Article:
The Sunday before Advent – 2001

Next Sunday will be the first in Advent. During the four-week-long season, Christians can undertake self-assessment, and make mental and spiritual preparations for the celebration of Christmas.
Self-assessment can be positive, in appraising progress already made; and in being thankful for blessings so far received. It can also be filled with hope based upon assurance, as we refresh our vision of what still lies before us
John 1: 1-14 touches upon the Advent of Christ; and verse 12 gives a particular challenge to our thinking: ‘Yet to all who received him, to those who believed in his name, he gave the power, the right, to become children of God’
God the Father’s gift of the power, and right; to belong to him in a very special way; does not automatically make us Christians. The divine bestowal of enabling power is wonderful; but a gracious giving requires an equally gracious receiving, in order to fulfil it, and begin to make it effective.
The receiving only begins to make the divine gift effective; because what is given is not an end in itself; but is designed to promote continuing spiritual growth and progress on the part of the one who has received.
We can be thankful that Christ did not come into the world empty-handed; but brought with him the Father’s love; the gifts and graces of the Holy Spirit, and his ongoing presence, to encourage and enable his followers.
If, in the coming season, we meditate afresh upon the precious things that God has given; and the ways in which we have, already, claimed them for ourselves, and shared them with others…
…then we might ask the Lord to help us to receive more fully, and to apply more effectively, what he offers.
Although we cannot work for the gifts of God; otherwise they would not be gifts, but rewards; we can work at them, through putting them to regular use.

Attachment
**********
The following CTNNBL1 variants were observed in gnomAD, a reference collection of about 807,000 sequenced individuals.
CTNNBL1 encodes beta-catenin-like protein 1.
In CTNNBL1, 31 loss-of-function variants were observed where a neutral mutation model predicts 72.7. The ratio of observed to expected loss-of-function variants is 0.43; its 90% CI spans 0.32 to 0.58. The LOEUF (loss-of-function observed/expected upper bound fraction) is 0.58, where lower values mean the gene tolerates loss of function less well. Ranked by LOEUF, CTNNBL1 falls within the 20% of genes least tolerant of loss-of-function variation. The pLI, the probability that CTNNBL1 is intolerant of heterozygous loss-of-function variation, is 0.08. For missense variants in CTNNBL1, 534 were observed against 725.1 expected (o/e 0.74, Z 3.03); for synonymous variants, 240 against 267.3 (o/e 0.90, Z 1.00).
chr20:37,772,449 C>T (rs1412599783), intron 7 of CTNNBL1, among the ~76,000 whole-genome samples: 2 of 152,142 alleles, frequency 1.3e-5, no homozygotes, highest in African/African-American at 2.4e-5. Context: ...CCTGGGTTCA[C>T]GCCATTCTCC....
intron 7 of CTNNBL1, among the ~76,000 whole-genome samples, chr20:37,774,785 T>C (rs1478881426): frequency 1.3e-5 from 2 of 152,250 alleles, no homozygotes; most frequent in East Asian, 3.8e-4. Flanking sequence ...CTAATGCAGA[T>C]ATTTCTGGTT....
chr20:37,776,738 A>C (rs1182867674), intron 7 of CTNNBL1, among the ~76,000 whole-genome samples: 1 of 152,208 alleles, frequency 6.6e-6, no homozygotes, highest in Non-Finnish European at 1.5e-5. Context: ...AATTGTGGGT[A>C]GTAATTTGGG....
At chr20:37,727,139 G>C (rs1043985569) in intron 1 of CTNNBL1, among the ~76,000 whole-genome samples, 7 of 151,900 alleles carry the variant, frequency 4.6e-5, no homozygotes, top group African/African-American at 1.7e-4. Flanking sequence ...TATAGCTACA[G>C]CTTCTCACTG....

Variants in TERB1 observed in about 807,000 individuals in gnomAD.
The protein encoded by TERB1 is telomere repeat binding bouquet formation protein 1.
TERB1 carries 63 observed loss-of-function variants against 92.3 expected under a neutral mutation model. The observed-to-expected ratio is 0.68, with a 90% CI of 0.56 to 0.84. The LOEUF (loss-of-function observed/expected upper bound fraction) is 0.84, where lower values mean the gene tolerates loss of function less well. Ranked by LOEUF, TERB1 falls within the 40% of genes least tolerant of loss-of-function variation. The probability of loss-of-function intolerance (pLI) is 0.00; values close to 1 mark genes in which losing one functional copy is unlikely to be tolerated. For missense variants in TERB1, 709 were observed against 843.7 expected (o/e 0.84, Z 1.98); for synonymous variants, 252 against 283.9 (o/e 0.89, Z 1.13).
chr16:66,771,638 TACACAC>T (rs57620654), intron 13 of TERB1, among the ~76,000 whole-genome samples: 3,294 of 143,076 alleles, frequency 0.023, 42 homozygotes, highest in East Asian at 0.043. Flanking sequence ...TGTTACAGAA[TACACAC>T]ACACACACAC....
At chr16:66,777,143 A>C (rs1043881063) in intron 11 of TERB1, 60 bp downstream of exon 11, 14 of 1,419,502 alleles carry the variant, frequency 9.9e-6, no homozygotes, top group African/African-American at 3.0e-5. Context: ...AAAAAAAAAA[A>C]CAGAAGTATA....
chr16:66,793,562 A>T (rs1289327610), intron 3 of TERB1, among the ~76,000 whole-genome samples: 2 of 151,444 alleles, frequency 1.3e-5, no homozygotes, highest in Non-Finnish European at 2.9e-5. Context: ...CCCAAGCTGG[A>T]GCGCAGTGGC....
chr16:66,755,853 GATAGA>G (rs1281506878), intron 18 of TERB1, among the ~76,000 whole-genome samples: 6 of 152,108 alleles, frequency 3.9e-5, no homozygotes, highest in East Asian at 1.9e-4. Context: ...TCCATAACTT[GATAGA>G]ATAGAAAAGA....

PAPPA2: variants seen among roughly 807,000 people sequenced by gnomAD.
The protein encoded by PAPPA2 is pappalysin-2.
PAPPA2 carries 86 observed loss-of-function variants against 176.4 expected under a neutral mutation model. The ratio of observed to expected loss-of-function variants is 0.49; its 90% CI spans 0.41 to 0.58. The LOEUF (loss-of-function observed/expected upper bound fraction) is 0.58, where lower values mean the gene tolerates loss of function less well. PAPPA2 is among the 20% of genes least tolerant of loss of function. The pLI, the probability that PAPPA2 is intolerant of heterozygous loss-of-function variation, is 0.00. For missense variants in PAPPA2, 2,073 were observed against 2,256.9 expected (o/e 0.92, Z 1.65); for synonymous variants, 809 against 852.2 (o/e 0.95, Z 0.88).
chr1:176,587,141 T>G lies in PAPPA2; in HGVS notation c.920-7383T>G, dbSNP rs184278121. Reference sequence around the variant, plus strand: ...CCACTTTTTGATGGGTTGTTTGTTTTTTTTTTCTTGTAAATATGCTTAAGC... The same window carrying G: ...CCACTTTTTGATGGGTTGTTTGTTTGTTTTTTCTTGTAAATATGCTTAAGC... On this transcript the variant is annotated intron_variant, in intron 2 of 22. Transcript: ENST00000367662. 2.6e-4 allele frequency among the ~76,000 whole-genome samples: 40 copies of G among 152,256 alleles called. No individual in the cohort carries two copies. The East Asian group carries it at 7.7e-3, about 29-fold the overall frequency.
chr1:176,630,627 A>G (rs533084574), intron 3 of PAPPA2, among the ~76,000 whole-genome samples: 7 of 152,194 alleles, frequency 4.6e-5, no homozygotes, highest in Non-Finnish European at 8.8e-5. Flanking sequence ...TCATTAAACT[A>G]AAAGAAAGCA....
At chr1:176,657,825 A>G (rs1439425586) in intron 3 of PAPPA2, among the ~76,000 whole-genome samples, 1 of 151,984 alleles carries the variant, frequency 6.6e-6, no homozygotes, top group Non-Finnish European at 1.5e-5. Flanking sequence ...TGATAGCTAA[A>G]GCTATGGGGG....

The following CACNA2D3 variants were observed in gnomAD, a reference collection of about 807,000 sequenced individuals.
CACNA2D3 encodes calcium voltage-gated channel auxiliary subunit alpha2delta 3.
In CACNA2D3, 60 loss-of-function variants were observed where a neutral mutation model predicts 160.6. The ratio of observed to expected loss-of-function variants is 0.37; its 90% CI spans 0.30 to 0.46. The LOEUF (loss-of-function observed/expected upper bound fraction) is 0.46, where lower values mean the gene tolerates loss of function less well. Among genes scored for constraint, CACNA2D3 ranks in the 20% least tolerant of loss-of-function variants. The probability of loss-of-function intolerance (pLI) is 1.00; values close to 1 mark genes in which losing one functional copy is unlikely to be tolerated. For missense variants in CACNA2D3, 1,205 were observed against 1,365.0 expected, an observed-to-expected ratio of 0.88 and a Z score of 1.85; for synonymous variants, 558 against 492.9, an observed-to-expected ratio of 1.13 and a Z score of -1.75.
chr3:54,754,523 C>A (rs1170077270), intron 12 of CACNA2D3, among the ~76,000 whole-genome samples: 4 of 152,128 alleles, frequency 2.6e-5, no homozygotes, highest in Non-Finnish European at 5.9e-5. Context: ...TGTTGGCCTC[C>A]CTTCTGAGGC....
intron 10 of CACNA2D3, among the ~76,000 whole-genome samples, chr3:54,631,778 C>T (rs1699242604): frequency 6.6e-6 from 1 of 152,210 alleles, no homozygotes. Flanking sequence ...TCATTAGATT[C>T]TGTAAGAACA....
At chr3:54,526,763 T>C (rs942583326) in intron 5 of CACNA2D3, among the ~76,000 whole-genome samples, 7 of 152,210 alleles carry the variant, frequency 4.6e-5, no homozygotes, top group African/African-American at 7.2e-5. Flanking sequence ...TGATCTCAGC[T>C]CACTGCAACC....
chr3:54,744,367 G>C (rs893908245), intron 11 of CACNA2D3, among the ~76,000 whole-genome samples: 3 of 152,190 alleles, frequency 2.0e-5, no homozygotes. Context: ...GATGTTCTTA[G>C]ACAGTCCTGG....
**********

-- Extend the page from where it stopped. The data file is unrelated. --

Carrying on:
Here are a few touches upon some of the gifts and graces Christ offers to his followers; about which we may give special thanks, in the days to come.
The most obvious gift; is new, spiritual life. Jesus said, and still says: ‘I came that you might have life; and have it to the full’.
He did not say: ‘I came that you might have existence’, but LIFE! Nor did he mean the old life, dusted off, and smartened up a bit: but new life.
Christ did not promise to give just enough to be going on with; but in such abundance, that it becomes both a joyful experience, and an effective witness.
In many ways, Jesus made it quite clear that the abundant life that he gives: is purposeful: as it builds a deepening relationship with God.
In chapter 17, verse 3 of the 'Gospel According to John'; Jesus prayed to the Father, about his followers, and said: ‘This is eternal life...that they might know you, the only true God, and Jesus Christ, whom you have sent’.
In the Bible: and in relation to God and his people: the word 'know' is not  used in an impersonal sense, of mere information. Instead, it indicates a very close, personal and enriching experience of the Lord.
Scripture teaches us that such a relationship with God, is never static; but on-going; leading to an increasing knowledge of him; and a deepening sense of ongoing life in his Presence.
But, as Christ taught, in many ways, eternal life in and with the Lord: comes into being, and remains, only when God's requirements are met. Jesus said: ‘If you would enter eternal life, then keep the commandments’. (Matt.19:17).
However, he not only gives an instruction: ‘Keep the commandments’, but also promises help in doing so; and offers us the gifts of his enabling Spirit. In effect; if we allow it; the indwelling Spirit keeps the commandments for us.
Jesus taught that, just as we need ordinary food to sustain our bodies; otherwise, we die, physically; so our spiritual lives need continual sustenance; or else we die, spiritually.

The Lord offers us his personal help; in nourishing and sustaining the spiritual life we received at the Father's hand. Using an image of his giving, and our receiving, he speaks of himself as being: 'The Bread of Life'.
Basing his teaching upon the Old Testament days of ‘manna in the wilderness’; Christ's image of 'bread'; betokens a fresh receiving, from the Lord, daily.
This particular word of Jesus; may be meditated upon during the coming season; to remind us that  the 'things of the Spirit' cannot be stored away, for future use; but must always be received afresh, day by day.
Another of Christ’s words to ponder, is: ‘A man's life does not consist in the abundance of his possessions’. (Luke 12:15).
If we know that our lives do not consist in the abundance of our possessions; then, can we say, with equal conviction, just what our lives do consist in?